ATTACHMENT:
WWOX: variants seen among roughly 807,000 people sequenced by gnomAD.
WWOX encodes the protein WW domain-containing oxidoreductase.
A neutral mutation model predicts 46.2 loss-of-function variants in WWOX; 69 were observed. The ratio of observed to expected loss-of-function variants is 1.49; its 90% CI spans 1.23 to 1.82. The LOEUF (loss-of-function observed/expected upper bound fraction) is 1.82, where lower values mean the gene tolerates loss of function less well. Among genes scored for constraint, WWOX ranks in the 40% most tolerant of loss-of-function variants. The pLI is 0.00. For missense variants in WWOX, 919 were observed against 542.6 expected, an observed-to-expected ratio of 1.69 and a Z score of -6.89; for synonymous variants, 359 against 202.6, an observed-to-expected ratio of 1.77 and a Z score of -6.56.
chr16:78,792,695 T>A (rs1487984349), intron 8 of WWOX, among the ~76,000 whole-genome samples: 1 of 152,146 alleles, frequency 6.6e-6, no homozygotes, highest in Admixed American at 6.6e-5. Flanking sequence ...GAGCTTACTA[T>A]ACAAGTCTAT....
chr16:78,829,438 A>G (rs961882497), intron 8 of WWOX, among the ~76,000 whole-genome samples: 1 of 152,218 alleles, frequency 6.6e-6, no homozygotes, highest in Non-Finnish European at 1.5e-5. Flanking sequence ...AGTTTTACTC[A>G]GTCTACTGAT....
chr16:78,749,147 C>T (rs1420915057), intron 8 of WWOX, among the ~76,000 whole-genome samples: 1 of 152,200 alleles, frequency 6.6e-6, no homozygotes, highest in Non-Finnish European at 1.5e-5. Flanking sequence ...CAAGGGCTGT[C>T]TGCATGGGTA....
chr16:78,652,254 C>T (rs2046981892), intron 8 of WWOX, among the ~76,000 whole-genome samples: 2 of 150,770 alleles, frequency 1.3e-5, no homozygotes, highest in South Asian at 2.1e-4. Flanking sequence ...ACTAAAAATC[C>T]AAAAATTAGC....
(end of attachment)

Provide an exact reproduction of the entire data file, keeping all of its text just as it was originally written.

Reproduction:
WWOX: variants seen among roughly 807,000 people sequenced by gnomAD.
WWOX encodes the protein WW domain-containing oxidoreductase.
A neutral mutation model predicts 46.2 loss-of-function variants in WWOX; 69 were observed. The ratio of observed to expected loss-of-function variants is 1.49; its 90% CI spans 1.23 to 1.82. The LOEUF (loss-of-function observed/expected upper bound fraction) is 1.82, where lower values mean the gene tolerates loss of function less well. Among genes scored for constraint, WWOX ranks in the 40% most tolerant of loss-of-function variants. The pLI is 0.00. For missense variants in WWOX, 919 were observed against 542.6 expected, an observed-to-expected ratio of 1.69 and a Z score of -6.89; for synonymous variants, 359 against 202.6, an observed-to-expected ratio of 1.77 and a Z score of -6.56.
chr16:78,792,695 T>A (rs1487984349), intron 8 of WWOX, among the ~76,000 whole-genome samples: 1 of 152,146 alleles, frequency 6.6e-6, no homozygotes, highest in Admixed American at 6.6e-5. Flanking sequence ...GAGCTTACTA[T>A]ACAAGTCTAT....
chr16:78,829,438 A>G (rs961882497), intron 8 of WWOX, among the ~76,000 whole-genome samples: 1 of 152,218 alleles, frequency 6.6e-6, no homozygotes, highest in Non-Finnish European at 1.5e-5. Flanking sequence ...AGTTTTACTC[A>G]GTCTACTGAT....
chr16:78,749,147 C>T (rs1420915057), intron 8 of WWOX, among the ~76,000 whole-genome samples: 1 of 152,200 alleles, frequency 6.6e-6, no homozygotes, highest in Non-Finnish European at 1.5e-5. Flanking sequence ...CAAGGGCTGT[C>T]TGCATGGGTA....
chr16:78,652,254 C>T (rs2046981892), intron 8 of WWOX, among the ~76,000 whole-genome samples: 2 of 150,770 alleles, frequency 1.3e-5, no homozygotes, highest in South Asian at 2.1e-4. Flanking sequence ...ACTAAAAATC[C>T]AAAAATTAGC....